Jasper [00:09:14] Still jumps ups like Whac-A-Mole, you know, it just sort of jumps up. And and I think especially, like I said, you're you're I think you're quite similar to me what was so interested in so many things and and passionate about communication and and sharing ideas and having great conversations and doesn't care about how much you want to do. It just is you know, it's just this kind of soulless entity that that hangs around. And so it's it's sad to say no to opportunity. I've worked through it, but it's still a daily challenge, I guess. Yeah.

Peta [00:09:58] Going back to invisible disabilities, what do you wish people better understood about invisible disabilities?

Jasper [00:10:07] One day that you spend with a person doesn't necessarily illustrate how they will be the next day or any other day of their life. I think most of us understand that you can't tell people's pain levels from looking at them. Everything's impacted from everything else. Like the fabric I wear will impact my pain levels. The milk that I drink with my cereal will impact my pain levels, how much I play with my children, how late I stayed up reading my book, all of these things. Fun impacts pain levels as well. So when we weigh up what we say yes to and what we plan to do with our time, we are also balancing the amount of pain that will definitely occur as part of the fall out. I often just pretend that part's not going to happen and enjoy the fun bit. And then when the pain becomes Ah. Oh, that's right I've got to pay the piper. I just. I'm trying so hard to get across to people what it is to have an invisible generic disability. That means your windows of energy shrink down beyond your wildest dreams. And it's not just that. It is how the world that interacts with you.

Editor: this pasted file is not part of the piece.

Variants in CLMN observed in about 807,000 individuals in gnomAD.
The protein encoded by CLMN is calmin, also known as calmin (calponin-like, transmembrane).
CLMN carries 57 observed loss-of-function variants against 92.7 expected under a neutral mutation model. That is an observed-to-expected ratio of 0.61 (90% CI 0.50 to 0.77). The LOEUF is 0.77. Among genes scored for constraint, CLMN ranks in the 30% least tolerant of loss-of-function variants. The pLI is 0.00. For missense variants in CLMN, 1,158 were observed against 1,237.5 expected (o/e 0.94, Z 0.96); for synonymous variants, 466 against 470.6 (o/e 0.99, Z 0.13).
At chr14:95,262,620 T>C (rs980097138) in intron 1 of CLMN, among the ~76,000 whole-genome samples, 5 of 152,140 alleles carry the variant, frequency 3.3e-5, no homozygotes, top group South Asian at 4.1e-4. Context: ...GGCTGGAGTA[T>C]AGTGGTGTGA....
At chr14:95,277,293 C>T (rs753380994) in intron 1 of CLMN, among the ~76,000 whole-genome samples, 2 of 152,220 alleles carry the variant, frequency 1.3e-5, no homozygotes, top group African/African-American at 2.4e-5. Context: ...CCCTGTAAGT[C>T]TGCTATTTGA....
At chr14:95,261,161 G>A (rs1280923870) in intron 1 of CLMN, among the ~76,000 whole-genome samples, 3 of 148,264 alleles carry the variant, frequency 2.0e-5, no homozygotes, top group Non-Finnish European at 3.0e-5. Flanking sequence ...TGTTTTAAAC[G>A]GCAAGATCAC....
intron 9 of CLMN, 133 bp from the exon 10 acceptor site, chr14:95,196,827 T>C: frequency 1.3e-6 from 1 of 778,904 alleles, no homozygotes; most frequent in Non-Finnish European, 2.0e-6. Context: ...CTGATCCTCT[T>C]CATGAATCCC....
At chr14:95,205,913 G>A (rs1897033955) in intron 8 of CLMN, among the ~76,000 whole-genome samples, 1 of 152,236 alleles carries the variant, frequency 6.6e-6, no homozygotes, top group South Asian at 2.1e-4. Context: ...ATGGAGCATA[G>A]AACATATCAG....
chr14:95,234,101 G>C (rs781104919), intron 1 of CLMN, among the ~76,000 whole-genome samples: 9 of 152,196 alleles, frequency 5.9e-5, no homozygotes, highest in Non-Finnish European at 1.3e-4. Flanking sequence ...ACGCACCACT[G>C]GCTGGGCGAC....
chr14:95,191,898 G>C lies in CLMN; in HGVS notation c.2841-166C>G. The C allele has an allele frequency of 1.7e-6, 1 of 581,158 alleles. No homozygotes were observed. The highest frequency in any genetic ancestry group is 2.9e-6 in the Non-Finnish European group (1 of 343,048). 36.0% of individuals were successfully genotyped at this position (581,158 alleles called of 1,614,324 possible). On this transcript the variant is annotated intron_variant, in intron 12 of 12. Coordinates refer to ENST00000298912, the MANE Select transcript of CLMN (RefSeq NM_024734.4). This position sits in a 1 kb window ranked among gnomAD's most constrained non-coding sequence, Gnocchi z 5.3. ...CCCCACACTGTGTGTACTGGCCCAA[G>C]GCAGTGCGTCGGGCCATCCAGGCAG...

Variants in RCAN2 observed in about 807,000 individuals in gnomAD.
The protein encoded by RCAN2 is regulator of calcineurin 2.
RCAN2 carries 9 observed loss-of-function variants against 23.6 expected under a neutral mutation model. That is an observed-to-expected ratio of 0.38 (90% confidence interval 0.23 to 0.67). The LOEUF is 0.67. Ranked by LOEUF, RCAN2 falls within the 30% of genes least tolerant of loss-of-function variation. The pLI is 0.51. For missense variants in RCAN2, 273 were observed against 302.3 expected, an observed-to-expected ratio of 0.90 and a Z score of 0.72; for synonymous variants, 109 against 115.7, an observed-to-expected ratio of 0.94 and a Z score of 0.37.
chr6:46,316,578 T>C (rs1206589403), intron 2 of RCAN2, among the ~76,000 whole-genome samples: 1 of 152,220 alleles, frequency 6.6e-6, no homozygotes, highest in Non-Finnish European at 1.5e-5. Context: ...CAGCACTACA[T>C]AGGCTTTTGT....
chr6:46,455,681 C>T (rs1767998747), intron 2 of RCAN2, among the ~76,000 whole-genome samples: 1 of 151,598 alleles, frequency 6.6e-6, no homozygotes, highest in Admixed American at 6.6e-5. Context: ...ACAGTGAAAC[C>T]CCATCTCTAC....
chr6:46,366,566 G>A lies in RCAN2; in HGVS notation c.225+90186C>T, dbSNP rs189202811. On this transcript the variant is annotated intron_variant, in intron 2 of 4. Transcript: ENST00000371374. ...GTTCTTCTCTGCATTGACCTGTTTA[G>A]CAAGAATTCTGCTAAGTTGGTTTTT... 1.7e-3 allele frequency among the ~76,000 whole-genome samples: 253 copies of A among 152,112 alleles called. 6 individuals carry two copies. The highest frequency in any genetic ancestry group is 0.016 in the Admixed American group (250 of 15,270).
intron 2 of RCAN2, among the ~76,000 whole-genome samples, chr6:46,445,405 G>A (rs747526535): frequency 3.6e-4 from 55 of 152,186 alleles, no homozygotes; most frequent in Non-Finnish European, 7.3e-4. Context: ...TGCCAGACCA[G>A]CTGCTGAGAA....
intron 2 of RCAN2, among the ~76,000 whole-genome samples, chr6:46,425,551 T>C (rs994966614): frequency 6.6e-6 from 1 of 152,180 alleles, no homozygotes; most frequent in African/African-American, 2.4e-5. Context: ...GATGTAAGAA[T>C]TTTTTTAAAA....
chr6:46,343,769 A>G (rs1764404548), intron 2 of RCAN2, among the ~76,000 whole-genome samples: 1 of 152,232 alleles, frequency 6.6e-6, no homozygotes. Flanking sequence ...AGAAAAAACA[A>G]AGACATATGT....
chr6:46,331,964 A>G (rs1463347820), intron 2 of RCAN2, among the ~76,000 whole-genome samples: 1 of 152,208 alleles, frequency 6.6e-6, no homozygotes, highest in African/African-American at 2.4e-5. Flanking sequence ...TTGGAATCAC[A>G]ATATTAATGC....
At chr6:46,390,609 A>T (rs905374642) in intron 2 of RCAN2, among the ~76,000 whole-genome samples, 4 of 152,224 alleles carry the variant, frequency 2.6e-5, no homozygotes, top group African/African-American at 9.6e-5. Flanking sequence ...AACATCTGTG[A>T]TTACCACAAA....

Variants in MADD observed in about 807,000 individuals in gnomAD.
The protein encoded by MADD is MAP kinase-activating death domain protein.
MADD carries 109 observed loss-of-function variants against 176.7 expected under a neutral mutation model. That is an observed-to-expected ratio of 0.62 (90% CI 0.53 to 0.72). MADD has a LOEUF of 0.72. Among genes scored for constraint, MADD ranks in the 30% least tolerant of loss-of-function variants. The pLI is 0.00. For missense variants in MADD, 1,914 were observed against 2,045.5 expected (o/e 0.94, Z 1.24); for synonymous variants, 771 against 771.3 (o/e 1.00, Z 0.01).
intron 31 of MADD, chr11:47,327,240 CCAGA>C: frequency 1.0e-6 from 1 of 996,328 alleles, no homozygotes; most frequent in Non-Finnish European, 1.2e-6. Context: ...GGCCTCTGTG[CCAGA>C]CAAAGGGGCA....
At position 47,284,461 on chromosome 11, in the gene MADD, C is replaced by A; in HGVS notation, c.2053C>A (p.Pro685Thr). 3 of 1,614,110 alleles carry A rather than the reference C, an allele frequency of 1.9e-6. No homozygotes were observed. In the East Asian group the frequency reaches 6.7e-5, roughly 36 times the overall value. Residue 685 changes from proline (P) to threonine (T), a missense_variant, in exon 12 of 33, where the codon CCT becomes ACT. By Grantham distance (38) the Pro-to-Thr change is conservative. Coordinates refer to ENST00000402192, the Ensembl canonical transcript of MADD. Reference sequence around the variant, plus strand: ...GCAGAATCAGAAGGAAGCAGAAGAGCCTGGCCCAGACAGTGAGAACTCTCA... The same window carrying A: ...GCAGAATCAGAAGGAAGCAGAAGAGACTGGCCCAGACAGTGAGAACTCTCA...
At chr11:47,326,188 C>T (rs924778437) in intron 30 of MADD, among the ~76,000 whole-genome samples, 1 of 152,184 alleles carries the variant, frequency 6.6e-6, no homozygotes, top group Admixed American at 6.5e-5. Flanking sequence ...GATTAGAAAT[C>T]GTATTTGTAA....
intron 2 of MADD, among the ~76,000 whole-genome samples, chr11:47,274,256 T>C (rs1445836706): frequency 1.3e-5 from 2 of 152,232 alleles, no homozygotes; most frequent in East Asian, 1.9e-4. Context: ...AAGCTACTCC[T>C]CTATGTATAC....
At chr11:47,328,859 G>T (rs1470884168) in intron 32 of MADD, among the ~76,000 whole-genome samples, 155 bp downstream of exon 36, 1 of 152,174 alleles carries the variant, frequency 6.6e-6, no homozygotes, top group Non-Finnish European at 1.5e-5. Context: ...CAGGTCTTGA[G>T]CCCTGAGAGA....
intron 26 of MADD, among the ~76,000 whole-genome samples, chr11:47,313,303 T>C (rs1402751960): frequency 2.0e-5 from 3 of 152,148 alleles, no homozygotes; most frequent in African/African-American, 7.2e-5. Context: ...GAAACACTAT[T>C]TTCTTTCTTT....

Peta [00:11:36] Thinking about the importance of social interaction and community and thinking about the disability community in general. I'm really interested to get your perspective on the differences between the LGBTQI+ community and the disability community and what the disability can learn. The disability community can learn from the LGBTQ community. Do you think?

Jasper [00:12:00] There's kind of this phenomenon in both in both camps where we dig deep and we listen so deeply. We have words for who we are, and we share that either with the world or with our closest safe people. And that's a vulnerable act. That's a vulnerable act. We don't do it lightly. And the only acceptable response to that is thank you and congratulations and I'm so excited to know you.